In contrast with the economizer process I have been discussing, bringing air in to ventilate or control pressure relationships in a building is not an option if you are going to keep the building safe and comfortable. Typically, the ventilation air is removed via some sort of forced exhaust process, like the toilet exhaust system or a hood exhaust system.
In some facilities, additional air may be brought into the building to ensure certain pressure relationships are maintained. For instance, a designer may set up a system serving a lobby so that it brings in extra outdoor air to minimize infiltration through the lobby doors.
Ultimately, you need to design and operate the system so the ventilation and pressurization air is introduced under all operating conditions. As a result, you will need to treat this air, cooling and dehumidifying when it is hot and humid outside and heating and perhaps humidifying it, when it is cold and dry outside and filtering it no matter what.
All of these processes represent an resource consumption requirement for the facility on a number of fronts.
- Electrical and thermal energy will be consumed to heat, cool, humidify, and dehumidify the air.
- For desiccant dehumidifiers, thermal energy is typically required to renew the desiccant as a part of the ongoing process.
- Water will be required to humidify the air or if an evaporative cooling process is used.
- For some humidifier and evaporative cooler designs, there will be other consumables like electrodes and evaporative media that must be replaced occasionally.
- Humidifier and evaporative coolers may also have some water treatment costs in the form of chemicals or UV lighting associated with operating them.
- Desiccant based processes often need to have the desiccant replaced after some period of time.
- Generally speaking, the more outdoor air you handle, the more you will need to spend on filters. This is a topic all to itself and if you want to know more, you can tune into a series of three video clips on YouTube where I discuss operating filters on a life cycle cost basis vs. time in service. (The preceeing link takes you to the first video; the second is at this link and the third is here.)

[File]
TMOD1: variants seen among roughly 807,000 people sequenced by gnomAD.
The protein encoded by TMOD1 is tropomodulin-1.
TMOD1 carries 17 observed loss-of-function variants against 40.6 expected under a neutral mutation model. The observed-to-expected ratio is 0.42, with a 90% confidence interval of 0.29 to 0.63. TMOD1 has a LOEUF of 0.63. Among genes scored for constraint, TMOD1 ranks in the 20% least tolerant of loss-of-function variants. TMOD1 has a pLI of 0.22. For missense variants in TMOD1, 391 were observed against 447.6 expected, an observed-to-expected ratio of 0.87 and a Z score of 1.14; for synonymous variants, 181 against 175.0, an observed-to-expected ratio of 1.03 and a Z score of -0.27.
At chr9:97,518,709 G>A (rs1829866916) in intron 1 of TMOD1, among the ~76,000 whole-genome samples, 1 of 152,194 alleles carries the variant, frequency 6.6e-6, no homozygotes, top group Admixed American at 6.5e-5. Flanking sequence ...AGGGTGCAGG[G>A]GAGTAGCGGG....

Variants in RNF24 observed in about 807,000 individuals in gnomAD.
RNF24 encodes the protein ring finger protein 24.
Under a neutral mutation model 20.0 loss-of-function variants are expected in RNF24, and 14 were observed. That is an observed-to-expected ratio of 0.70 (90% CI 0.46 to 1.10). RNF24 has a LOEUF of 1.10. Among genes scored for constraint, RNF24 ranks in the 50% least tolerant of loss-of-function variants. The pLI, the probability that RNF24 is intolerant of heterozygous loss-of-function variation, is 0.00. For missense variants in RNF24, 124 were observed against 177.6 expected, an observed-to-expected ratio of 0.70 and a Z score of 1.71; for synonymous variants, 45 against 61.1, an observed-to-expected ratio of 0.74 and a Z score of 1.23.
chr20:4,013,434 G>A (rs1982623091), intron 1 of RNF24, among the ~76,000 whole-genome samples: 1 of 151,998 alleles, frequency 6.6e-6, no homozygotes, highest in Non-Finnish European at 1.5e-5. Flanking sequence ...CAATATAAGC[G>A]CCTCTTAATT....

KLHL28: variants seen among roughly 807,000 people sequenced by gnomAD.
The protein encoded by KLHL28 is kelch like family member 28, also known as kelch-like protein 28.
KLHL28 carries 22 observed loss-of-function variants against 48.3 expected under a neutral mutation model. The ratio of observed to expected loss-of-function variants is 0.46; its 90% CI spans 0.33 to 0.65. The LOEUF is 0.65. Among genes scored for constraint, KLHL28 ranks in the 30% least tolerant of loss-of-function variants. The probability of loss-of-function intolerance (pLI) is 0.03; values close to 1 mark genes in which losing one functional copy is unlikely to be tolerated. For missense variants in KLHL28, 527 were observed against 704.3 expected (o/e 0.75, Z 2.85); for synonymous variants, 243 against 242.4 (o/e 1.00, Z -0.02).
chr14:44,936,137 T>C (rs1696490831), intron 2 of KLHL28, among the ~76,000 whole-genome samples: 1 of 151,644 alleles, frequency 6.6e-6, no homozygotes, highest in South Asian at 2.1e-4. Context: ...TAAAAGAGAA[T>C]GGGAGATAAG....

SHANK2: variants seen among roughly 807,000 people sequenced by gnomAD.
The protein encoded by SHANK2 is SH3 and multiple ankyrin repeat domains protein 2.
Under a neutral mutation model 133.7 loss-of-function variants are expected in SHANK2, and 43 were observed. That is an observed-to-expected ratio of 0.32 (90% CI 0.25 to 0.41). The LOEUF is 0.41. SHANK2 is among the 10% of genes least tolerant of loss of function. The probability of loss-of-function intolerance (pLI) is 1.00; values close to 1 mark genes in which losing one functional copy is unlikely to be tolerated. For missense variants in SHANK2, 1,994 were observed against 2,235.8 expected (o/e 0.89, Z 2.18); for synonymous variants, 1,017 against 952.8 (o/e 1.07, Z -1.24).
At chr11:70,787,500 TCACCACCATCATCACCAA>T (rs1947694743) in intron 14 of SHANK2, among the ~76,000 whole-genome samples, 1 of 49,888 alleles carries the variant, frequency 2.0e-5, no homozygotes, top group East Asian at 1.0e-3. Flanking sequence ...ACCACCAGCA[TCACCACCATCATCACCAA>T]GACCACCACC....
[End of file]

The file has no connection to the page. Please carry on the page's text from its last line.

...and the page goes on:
- Labor is required to operate and maintain all of this equipment
- A waste stream is generated by the depleted resources like dirty filters or the blow-down water from evaporative cooling processes.
The bottom line is that handling outdoor air represents a significant operating cost in terms of energy and other resources. That’s one reason why documenting how a system is using outdoor air on a system diagram is important.
Leveraging the Air Handling System Operating Sequence to Address an Envelope Leakage Problem and Save Fan Energy
In the example building I am using in this post, the air handling systems and their associated return fans are located on the 8th floor and the 16th floor. Air is returned up a shaft and then is either recirculated or ejected from the building at relief louvers on the mechanical levels.
As a result, even though the leaks in the building that we documented would have been able to get rid of a lot of the relief air associated with an economizer cycle, they were not “allowed” to do it because the return fans and relief system operated to bring all of the air back to the equipment room and relief louvers to get it out of the building.
Once we realized how leaky the building was, we realized that we might be able to leverage that feature to save some energy. In general terms, the sequence we ended up with was something like this.